• 7. abesheet  |  January 13, 2009 at 7:10 am

    Yeap, that’s what i’m gonne do Totit. I’d sit him down and say “Se’Debshign atbelegnina chinQilat yelehim, or yalehin alteteqemkibetim!”. My only fear, I won’t be around long enough to graduate 😦 .

    but I think AAU in general, I think are filled with hard working people…arrogant, but still full of knowledge…that is my point of view as a graduate of 4 kilo…maybe things r different when u go to 6 kilo…for sure the atmosphere is quite diffrent…

    I’m sure there was a time in Sidist Kilo Campus that statement would have been true to the majority of teachers. But not today. Most of the instructor/lecturers are either unqualified, busy with prviate colleges to show up [prepared], or are too old, too bitter or arrogant to be of any use when they do. The few good instructor/lecturers who remained look discouraged and disheartened.

    The beginning of the end no doubt came when EPRDF showed it’s distrust of “Mihurans”, especially those “teb acharis” at Sidist Kilo, by kicking a good number of them out in the first few years of coming to power. Disillusionment [as to his/her role in the soceity], inability or unwillingness to adopt to changes, “yeMoral WudQet” or “ZiQtet” coupled with “Yenuro wudinet” and all the lab-rat treatement the Education sector has been getting of late no doubt contributed to nobody bothering to live upto [anyone’s] expectation. “Endetebekut aydelem” is the disappointed response you get from Extension division students as a whole, with some complaining how harder they were forced to work even in “tinanish collegoch”. When you learn how a proposal was made for the Language and Literature Department to have it’s students graduate without writing “Ye MemereQiya Tsihuff” you’d understand how bad things have gotten.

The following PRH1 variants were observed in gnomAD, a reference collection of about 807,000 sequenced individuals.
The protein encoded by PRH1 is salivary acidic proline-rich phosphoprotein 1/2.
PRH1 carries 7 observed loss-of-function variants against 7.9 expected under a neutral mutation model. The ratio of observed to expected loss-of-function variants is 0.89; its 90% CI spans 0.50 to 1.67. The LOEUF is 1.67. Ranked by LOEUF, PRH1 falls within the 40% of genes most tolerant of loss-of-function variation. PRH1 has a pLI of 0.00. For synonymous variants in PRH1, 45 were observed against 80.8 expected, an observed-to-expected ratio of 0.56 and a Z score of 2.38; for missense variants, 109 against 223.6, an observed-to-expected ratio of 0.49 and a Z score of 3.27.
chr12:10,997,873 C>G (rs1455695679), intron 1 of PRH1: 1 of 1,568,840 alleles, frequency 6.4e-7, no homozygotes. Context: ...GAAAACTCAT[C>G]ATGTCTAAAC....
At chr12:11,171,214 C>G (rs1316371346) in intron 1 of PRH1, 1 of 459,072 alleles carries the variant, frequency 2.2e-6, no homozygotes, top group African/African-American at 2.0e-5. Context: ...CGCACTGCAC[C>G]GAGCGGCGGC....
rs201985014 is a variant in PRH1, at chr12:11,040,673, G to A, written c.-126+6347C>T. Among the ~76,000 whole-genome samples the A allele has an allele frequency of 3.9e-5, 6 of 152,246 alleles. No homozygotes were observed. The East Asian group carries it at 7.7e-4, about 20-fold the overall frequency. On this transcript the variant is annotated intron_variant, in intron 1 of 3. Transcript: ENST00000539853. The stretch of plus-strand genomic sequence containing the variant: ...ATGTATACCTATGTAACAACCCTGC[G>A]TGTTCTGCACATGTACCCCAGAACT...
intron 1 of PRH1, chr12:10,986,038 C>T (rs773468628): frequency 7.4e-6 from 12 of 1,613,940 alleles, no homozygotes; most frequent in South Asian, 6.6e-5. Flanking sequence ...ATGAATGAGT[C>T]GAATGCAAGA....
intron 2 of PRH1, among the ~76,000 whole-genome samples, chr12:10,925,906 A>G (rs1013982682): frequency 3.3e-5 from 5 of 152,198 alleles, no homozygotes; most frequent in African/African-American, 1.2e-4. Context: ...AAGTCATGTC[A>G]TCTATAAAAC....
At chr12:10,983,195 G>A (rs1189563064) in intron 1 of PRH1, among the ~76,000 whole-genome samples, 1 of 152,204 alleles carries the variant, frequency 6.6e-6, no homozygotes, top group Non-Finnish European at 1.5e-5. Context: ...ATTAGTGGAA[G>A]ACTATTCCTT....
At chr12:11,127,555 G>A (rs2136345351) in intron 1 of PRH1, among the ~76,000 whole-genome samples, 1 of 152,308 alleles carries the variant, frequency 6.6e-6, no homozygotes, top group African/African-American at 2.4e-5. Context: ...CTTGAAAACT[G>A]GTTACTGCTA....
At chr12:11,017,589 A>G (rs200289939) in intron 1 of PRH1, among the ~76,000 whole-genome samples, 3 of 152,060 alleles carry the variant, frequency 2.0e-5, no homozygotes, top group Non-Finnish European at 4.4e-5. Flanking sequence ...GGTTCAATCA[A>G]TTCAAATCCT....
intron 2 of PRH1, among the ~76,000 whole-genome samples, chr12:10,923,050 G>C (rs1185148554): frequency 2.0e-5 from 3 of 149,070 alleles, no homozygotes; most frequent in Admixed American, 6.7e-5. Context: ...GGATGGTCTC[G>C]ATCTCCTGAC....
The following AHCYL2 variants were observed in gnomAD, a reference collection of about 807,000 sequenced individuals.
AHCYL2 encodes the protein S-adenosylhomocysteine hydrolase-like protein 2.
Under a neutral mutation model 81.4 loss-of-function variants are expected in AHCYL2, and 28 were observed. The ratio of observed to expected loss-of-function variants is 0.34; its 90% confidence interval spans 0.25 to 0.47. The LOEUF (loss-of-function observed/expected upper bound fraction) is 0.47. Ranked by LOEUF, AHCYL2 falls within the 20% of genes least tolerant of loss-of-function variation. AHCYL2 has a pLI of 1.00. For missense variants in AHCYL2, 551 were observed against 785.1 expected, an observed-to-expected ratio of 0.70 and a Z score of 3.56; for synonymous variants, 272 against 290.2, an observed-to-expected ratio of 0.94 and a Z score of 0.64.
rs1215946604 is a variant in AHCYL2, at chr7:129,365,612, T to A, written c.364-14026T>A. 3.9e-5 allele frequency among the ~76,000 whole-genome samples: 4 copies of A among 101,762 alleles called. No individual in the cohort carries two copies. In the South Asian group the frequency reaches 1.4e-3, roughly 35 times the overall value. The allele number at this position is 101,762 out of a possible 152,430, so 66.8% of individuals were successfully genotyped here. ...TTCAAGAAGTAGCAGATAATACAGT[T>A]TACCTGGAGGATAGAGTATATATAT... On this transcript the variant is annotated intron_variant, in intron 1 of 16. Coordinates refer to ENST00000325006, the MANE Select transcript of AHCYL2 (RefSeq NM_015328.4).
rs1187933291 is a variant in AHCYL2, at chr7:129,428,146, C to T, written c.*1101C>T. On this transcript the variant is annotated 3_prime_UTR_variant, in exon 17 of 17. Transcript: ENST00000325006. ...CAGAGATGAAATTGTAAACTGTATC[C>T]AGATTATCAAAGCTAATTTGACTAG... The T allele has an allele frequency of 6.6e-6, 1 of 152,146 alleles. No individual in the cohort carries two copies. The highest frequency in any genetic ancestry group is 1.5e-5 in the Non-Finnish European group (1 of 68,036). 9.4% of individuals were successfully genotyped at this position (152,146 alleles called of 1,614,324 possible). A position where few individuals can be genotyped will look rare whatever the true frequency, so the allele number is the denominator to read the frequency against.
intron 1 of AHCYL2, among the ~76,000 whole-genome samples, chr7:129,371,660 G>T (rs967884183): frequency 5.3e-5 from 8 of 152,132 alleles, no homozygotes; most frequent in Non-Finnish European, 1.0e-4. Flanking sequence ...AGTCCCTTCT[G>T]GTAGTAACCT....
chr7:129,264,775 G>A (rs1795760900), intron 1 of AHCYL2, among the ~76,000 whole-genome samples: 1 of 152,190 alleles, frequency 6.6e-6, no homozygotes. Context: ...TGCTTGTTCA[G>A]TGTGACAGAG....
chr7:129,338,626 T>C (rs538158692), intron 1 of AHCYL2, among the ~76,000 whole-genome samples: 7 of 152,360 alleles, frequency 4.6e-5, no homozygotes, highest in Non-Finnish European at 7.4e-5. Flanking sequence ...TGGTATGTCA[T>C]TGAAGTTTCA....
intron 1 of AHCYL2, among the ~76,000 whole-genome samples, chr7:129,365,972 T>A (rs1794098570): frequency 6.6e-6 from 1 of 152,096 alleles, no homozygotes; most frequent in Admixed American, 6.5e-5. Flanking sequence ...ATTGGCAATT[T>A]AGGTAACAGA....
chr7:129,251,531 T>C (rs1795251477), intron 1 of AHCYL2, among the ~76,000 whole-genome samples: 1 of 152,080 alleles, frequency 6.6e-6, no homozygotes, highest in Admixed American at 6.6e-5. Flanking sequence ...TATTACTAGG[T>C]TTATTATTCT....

The fact that 98% of the graduates leave without having a clue as to what they have been taught [I should know, I lived with those from my batch for 5 years!] and those who do do not have to attend more than 2 classes [one to have your name registered, and the other to take a mid-exam or presentation] to score A pluses, i believe, shows how down the hill the institution is going. Not that a look at the TV and radio programs, newspapers and published literary works won’t bear ample witness. A class mate of mine once observed how none of the well-known Ethiopian writers (or media people) were AAU graduates [Bewketu Seyoum, Fikremarkos Desta, SerQ Daniel aka Gobena Daniel]. My response was: “ene Zerihun Asfaw beEnchichu eyeQechut beyet bekul beqlo zer yihonal bileh newu”?. Maybe I was right, maybe I was wrong. But doesn’t the above mentioned fact alone say it all?